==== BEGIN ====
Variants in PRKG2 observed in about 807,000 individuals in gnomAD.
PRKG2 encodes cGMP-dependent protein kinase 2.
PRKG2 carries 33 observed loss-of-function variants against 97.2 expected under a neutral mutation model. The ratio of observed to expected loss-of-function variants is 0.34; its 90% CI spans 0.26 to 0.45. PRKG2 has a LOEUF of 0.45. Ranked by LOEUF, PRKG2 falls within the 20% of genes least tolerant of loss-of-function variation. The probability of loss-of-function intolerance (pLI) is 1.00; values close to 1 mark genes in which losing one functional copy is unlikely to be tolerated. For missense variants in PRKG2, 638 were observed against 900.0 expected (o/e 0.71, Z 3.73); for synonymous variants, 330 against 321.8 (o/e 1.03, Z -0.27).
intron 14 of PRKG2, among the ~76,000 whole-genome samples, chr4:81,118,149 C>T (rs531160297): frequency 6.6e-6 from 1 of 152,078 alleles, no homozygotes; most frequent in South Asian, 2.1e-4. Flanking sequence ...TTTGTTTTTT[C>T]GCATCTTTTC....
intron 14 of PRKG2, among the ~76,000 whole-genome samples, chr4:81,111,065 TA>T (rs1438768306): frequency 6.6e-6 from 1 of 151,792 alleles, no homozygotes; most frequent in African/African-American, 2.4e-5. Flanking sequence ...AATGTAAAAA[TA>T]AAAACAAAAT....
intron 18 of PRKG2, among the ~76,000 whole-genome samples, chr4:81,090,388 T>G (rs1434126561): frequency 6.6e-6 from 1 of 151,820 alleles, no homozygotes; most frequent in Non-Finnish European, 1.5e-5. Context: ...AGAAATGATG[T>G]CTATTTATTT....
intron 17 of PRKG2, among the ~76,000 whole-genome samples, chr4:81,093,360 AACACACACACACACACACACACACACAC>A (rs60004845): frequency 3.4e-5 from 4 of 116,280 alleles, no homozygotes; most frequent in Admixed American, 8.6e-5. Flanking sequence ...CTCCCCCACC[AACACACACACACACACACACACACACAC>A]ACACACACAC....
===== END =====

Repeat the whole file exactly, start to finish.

Variants in PRKG2 observed in about 807,000 individuals in gnomAD.
PRKG2 encodes cGMP-dependent protein kinase 2.
PRKG2 carries 33 observed loss-of-function variants against 97.2 expected under a neutral mutation model. The ratio of observed to expected loss-of-function variants is 0.34; its 90% CI spans 0.26 to 0.45. PRKG2 has a LOEUF of 0.45. Ranked by LOEUF, PRKG2 falls within the 20% of genes least tolerant of loss-of-function variation. The probability of loss-of-function intolerance (pLI) is 1.00; values close to 1 mark genes in which losing one functional copy is unlikely to be tolerated. For missense variants in PRKG2, 638 were observed against 900.0 expected (o/e 0.71, Z 3.73); for synonymous variants, 330 against 321.8 (o/e 1.03, Z -0.27).
intron 14 of PRKG2, among the ~76,000 whole-genome samples, chr4:81,118,149 C>T (rs531160297): frequency 6.6e-6 from 1 of 152,078 alleles, no homozygotes; most frequent in South Asian, 2.1e-4. Flanking sequence ...TTTGTTTTTT[C>T]GCATCTTTTC....
intron 14 of PRKG2, among the ~76,000 whole-genome samples, chr4:81,111,065 TA>T (rs1438768306): frequency 6.6e-6 from 1 of 151,792 alleles, no homozygotes; most frequent in African/African-American, 2.4e-5. Flanking sequence ...AATGTAAAAA[TA>T]AAAACAAAAT....
intron 18 of PRKG2, among the ~76,000 whole-genome samples, chr4:81,090,388 T>G (rs1434126561): frequency 6.6e-6 from 1 of 151,820 alleles, no homozygotes; most frequent in Non-Finnish European, 1.5e-5. Context: ...AGAAATGATG[T>G]CTATTTATTT....
intron 17 of PRKG2, among the ~76,000 whole-genome samples, chr4:81,093,360 AACACACACACACACACACACACACACAC>A (rs60004845): frequency 3.4e-5 from 4 of 116,280 alleles, no homozygotes; most frequent in Admixed American, 8.6e-5. Flanking sequence ...CTCCCCCACC[AACACACACACACACACACACACACACAC>A]ACACACACAC....